The African Continental Free Trade Area (AfCFTA) – which removes barriers that have segmented markets in the region and made it difficult for companies to spread investment risk and take advantage of competitiveness and productivity gains associated with inherent economies of scale – has the potential to catalyse African industries. It has already facilitated rising investment and expedited the injection of patient capital, both towards the expansion of existing processing capacity and the establishment of new manufacturing capabilities across the region.

It’s been said that the current global financial architecture and post-1945 institutions, what we loosely call the Bretton Woods system, are not fit for purpose when it comes to low- and middle-income African countries. What do you suggest?

The global financial architecture that emerged from the 1944 Bretton Woods Conference was conceived by the wealthiest nations, and it has served them well. It has been adjusted on rare occasions but remains unfit for purpose and has undermined the process of global income convergence. Major reform is necessary if we are to avoid fragmentation.

The dollar’s dominance was cemented after WWII, making the US the world’s banker and pre-eminent supplier of safe assets. Over time, this structure’s imbalances have exacerbated macroeconomic challenges in developing countries, feeding into the “perception premiums” and balance of payments pressures that have largely excluded the Global South from international capital markets.

The exorbitant privilege afforded to advanced economies by issuing global reserve currencies has skewed the distribution of international liquidity. Consequently, most developing countries without large forex reserves are unable to sustain the value of their currency, meet international obligations or reassure investors. Time and time again, African countries are hit by negative terms of trade shocks that adversely affect forex reserves and drive them to the IMF for balance of payments support.

Similar imbalances exist in monetary policy, with decisions taken by a handful of systemically important central banks having global repercussions. Monetary tightening by these institutions creates aftershocks for developing countries via currency depreciation, diminished borrowing overall, rising borrowing costs and capital outflows.

Per the Institute of International Finance, net non-resident portfolio outflows from emerging and developing economies amounted to around US$18bn in March [2022], when the US Federal Reserve began aggressively raising its policy rate.

Reflecting on the myriad negative externalities of US monetary policy, John Connally, President Nixon’s treasury secretary, famously retorted to his fellow G10 ministers in 1971: “The dollar is our currency, but it’s your problem.” Attempts to alleviate that problem have been undercut by historical inequalities.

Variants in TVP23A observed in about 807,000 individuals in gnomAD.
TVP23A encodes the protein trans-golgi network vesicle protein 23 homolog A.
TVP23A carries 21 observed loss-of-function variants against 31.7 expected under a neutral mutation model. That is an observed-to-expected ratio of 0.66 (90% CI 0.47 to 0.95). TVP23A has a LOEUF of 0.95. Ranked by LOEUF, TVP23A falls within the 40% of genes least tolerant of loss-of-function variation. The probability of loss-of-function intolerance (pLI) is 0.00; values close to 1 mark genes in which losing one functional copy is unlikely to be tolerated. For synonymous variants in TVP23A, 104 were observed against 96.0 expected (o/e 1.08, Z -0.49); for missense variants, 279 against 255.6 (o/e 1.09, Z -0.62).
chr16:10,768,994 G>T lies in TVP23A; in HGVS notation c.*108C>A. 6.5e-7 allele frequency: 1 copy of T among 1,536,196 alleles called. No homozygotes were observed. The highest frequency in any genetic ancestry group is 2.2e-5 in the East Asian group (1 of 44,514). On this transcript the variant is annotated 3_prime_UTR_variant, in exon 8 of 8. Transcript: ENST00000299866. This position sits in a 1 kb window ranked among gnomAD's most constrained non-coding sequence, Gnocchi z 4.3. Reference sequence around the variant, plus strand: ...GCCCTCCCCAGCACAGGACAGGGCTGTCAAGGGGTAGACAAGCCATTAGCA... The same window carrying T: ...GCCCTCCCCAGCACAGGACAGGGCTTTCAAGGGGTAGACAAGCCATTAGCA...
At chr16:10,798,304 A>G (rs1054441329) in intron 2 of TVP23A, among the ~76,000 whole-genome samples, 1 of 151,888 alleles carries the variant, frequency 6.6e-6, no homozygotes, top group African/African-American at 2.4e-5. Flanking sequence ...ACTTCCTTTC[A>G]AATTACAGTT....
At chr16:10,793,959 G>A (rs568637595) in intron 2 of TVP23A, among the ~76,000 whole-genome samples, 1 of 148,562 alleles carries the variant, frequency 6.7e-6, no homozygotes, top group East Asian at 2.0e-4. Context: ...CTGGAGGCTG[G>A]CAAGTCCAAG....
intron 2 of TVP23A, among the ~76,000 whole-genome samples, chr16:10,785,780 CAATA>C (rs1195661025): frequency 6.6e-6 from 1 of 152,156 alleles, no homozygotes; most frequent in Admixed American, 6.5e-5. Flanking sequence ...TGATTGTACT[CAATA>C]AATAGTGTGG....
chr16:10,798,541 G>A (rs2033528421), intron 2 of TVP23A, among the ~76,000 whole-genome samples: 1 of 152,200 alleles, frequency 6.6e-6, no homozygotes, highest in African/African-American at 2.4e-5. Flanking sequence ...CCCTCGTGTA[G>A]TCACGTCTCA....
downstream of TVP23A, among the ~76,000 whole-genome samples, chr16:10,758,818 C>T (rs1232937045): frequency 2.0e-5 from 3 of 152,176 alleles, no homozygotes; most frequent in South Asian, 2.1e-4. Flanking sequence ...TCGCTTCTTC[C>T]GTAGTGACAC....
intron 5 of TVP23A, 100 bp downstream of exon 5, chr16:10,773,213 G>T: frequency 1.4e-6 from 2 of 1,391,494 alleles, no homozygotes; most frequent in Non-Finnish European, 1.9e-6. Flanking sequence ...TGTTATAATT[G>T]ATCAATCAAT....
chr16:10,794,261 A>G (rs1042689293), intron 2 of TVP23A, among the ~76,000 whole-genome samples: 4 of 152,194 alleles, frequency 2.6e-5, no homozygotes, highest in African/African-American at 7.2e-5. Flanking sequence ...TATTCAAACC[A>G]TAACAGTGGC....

One such effort concerns the special drawing right (SDR), the international reserve asset created in 1969 by the IMF in anticipation of future crises. It began life as a means to assuage liquidity constraints, but in practice further reinforced inequality. Advanced economies were issued the largest shares of SDRs, in spite of not needing them and being suppliers of reserve currencies. SDRs are distributed to IMF member countries as a proportion of their quotas, which are themselves burdened by historical imbalances and in desperate need of reform. For instance, Africa, with a population of 1.4bn, has fewer quotas combined than France and Italy, with a combined population of around 127m.

Current events suggest the transition towards a multipolar monetary system that takes into account the diffusion of global economic forces over the last several decades will be fraught. As the current cycle of global financial tightening plays out, the reallocation of unused SDRs to disadvantaged nations would go a long way towards assuaging liquidity constraints associated with balance of payments pressures. It would also increase countries’ fiscal space and lessen their exposure to exchange rate volatility.

Likewise, broadening access to bilateral swap arrangements – a common tool among major central banks to temporarily increase access to forex liquidity – to more developing countries will help prevent short-term liquidity crises from metastasising into solvency crises. The IMF could help unlock these swap lines by providing guarantees that mitigate counterparty risk or by offering its own short-term swap facilities.